5 steps to creating Supporting Objectives for Thematic Goals
The Thematic Goal as we discussed here, is your rallying cry to give your organisation the laser focus it needs to have on a specific topic. In a sense you create your own 'controlled' crisis without a crisis.
Now that you have clarity about what is the most important thing your organisation needs to focus on, it's time to figure out the next stages where you will create the actions that drive the improvements.
We use Supporting Objectives to create the action area's that will be focused on to achieve the thematic goal, these are your quantitative measures. Here are some points about them:
- There should be no more than 2 or 3 supporting objectives, any more and you will be spread too thin to achieve very much.
- As a leadership team you need to wrestle with the decision on what those key supporting objectives really are that will deliver the result you need. This should be a passionate and sometimes heated debate which ultimately will end without 100% agreement, that's OK, in fact in many ways it's a good thing!
- The job of the CEO or whoever is leading this is to make the final decision based on all the discussions.
- Once this has been made the entire team need to get behind these objectives and support & promote them throughout the organisation without question.
- The Supporting objective must have Lead Measures identified & clear targets attached
Here is an example of what the outcomes may look like if your Thematic Goal was improving deliveries in your manufacturing organisation. You may use, as an example, supporting objectives of On Time Delivery and Material Availability.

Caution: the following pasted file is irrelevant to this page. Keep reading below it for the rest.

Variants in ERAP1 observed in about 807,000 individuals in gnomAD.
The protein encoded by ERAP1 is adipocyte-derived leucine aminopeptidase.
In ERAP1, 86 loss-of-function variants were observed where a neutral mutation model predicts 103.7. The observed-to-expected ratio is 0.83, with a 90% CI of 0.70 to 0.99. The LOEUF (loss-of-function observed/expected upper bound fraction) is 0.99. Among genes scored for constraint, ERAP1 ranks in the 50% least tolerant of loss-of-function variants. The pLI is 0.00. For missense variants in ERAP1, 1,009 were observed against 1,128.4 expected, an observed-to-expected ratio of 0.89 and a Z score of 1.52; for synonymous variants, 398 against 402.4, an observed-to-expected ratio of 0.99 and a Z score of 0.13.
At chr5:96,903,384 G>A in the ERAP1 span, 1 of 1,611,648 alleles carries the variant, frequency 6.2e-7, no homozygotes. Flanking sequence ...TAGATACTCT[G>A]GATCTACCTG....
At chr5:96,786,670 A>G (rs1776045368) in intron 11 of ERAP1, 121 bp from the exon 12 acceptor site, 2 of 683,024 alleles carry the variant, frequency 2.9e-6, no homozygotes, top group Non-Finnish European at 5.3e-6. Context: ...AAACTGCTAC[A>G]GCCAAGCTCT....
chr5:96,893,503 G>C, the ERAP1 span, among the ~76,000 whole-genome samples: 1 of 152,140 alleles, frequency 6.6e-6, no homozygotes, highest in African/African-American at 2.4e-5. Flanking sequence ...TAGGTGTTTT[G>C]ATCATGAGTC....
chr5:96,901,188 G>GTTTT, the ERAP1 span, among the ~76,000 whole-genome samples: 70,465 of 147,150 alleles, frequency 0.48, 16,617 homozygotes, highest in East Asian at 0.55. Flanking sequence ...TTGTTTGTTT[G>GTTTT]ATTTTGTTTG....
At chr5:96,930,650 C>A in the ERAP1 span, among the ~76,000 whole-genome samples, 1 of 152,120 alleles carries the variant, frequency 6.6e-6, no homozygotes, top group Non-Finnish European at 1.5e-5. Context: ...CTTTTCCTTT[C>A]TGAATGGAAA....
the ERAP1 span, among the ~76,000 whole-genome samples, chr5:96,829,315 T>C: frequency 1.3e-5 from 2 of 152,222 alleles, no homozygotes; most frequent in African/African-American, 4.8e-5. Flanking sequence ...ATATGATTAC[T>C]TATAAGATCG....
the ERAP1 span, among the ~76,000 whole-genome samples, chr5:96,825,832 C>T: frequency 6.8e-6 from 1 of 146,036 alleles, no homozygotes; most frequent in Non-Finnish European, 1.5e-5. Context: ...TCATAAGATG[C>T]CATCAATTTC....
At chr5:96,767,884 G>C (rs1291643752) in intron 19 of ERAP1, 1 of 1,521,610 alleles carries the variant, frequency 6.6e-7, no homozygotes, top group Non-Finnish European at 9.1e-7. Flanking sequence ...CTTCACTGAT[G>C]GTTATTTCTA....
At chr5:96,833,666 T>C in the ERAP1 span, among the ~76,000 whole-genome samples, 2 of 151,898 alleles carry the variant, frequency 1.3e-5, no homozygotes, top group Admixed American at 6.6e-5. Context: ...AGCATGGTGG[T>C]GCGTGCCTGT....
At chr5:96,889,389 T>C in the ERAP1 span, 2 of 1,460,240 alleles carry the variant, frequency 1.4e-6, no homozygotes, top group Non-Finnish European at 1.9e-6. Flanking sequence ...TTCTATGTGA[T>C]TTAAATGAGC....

The Supporting Objectives need to have a clear target in mind so that everyone knows you are keeping score. To make these useful however use more proactive Lead Measures, we spoke about them in a previous post here, but for an example it maybe you measure On Time Start & Machine uptime as Leads for Delivery, for Material availability perhaps you measure On Time Ordering & supplier delivery dates, it would look like this:
These are the two area's that you will focus your teams to improve in for the duration of the thematic goal, everything else must wait as you have already decided that this is THE most important thing.
Lead Measure Definition
How you write the Lead Measure is important, I've chosen the format from the Covey 4DX process, I have never found a clearer way of defining an objective yet, but you may have something similar you can use. It sets the boundaries of what you are aiming to achieve, it reflects the journey, you're going from X (your start point) to Y (your goal) by this date. There can be zero doubt or ambiguity about the target it's how you know you have won after all.
So now you have a Thematic Goal, Supporting Objectives and your Lead Measures, now it's time to implement the whole thing which we will discuss in the 3rd part of this series later this week.
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